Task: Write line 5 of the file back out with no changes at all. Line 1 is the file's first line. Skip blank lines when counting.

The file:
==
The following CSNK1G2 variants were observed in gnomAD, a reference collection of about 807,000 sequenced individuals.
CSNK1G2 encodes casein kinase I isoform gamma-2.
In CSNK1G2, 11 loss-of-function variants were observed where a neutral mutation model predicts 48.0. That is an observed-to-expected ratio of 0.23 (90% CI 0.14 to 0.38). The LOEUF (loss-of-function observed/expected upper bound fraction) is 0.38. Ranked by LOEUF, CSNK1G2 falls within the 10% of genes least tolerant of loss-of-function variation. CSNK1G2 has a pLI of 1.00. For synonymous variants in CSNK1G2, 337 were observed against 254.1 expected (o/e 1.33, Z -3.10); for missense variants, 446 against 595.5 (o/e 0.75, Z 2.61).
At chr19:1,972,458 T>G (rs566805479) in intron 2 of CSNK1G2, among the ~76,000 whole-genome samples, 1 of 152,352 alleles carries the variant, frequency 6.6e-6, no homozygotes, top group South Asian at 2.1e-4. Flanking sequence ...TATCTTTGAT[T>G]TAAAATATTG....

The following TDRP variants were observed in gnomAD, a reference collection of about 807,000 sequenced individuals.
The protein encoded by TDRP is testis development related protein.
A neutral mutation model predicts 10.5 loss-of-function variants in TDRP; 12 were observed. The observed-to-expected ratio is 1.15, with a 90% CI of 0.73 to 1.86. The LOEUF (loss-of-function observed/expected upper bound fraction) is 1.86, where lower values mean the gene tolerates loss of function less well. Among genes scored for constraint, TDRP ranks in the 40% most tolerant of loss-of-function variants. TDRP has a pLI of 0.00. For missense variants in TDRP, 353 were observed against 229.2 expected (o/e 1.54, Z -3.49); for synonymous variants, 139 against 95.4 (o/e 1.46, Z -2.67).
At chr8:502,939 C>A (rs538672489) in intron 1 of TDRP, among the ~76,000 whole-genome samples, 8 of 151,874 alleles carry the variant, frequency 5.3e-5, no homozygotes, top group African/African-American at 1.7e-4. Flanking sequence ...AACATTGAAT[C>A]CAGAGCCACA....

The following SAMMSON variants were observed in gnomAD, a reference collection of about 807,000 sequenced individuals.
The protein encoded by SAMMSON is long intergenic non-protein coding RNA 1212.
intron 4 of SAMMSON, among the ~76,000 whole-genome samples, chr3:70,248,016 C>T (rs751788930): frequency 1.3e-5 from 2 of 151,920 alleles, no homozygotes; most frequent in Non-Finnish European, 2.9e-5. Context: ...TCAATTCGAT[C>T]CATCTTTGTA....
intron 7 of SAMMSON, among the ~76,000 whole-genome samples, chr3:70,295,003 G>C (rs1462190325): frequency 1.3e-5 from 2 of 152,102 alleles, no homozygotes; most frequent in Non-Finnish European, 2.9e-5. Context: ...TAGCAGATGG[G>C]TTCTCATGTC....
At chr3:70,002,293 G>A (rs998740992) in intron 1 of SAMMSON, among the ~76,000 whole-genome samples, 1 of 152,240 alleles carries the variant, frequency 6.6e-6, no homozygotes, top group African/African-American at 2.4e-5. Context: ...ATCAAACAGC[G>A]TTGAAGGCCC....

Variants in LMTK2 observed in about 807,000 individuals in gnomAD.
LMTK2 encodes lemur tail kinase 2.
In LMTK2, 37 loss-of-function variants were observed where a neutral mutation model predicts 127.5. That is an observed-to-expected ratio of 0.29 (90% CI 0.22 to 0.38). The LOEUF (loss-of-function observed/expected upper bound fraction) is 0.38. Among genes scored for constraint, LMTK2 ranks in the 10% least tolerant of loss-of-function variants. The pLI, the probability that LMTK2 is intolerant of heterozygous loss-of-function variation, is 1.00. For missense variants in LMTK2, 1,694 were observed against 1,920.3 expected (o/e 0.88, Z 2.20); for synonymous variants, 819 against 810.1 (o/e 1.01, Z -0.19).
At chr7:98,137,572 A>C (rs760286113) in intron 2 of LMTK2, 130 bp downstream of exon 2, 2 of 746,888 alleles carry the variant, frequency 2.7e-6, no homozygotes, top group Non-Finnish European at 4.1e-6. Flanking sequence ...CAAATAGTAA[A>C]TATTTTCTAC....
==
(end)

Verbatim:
The following TDRP variants were observed in gnomAD, a reference collection of about 807,000 sequenced individuals.